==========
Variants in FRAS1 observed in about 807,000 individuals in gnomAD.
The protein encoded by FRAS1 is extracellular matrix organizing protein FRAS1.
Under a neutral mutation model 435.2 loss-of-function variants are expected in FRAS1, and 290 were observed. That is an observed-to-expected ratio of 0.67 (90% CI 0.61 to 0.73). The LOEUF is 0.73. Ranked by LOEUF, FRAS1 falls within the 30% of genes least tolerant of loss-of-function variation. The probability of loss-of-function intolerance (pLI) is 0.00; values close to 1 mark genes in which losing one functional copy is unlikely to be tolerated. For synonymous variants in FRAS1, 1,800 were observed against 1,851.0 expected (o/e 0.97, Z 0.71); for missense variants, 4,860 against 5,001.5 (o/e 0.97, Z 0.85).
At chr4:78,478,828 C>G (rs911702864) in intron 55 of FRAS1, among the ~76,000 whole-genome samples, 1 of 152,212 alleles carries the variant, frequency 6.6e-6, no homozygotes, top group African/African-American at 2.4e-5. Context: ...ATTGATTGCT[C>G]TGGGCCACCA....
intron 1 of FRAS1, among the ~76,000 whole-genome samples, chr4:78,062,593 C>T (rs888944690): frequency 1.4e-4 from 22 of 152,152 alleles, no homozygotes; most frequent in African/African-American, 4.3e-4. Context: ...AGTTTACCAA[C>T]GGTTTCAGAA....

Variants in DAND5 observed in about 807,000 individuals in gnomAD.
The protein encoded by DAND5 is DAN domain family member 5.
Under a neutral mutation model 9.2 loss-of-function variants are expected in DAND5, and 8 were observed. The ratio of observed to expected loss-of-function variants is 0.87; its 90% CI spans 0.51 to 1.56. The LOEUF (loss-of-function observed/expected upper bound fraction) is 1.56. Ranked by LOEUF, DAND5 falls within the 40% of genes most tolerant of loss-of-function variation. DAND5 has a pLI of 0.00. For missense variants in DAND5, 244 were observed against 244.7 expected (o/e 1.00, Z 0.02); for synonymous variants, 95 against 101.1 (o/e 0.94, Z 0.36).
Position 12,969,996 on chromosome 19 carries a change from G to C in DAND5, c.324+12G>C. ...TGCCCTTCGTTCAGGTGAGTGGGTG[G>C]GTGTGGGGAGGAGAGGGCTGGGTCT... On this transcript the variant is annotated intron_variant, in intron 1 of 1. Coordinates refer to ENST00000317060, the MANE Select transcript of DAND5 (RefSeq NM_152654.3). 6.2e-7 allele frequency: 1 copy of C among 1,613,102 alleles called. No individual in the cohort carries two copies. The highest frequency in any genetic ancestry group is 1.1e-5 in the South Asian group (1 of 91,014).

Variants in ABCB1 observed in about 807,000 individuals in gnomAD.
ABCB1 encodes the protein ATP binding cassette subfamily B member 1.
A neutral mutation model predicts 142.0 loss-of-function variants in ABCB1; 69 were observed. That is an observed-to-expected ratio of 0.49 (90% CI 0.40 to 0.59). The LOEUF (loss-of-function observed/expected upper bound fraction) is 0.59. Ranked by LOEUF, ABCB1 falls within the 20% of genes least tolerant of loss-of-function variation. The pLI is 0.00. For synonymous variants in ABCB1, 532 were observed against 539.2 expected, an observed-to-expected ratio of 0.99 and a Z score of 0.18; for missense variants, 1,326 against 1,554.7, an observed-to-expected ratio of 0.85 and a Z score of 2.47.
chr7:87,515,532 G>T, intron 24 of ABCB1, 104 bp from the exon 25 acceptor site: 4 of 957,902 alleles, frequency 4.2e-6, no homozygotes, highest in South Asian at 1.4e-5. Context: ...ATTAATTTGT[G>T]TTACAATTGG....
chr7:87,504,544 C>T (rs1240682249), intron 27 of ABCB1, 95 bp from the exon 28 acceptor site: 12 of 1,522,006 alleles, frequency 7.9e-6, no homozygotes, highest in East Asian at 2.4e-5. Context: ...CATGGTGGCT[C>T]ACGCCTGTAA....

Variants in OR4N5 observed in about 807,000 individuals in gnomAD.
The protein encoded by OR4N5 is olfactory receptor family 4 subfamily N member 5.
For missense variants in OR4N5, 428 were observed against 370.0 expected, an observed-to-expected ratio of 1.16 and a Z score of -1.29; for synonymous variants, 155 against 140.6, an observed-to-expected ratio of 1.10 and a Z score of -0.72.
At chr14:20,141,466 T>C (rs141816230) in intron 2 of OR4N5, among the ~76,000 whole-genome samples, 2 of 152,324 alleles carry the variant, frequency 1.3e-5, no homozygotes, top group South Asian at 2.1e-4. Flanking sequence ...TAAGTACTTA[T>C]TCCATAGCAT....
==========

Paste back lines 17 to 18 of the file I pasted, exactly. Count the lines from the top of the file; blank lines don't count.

For missense variants in OR4N5, 428 were observed against 370.0 expected, an observed-to-expected ratio of 1.16 and a Z score of -1.29; for synonymous variants, 155 against 140.6, an observed-to-expected ratio of 1.10 and a Z score of -0.72.
At chr14:20,141,466 T>C (rs141816230) in intron 2 of OR4N5, among the ~76,000 whole-genome samples, 2 of 152,324 alleles carry the variant, frequency 1.3e-5, no homozygotes, top group South Asian at 2.1e-4. Flanking sequence ...TAAGTACTTA[T>C]TCCATAGCAT....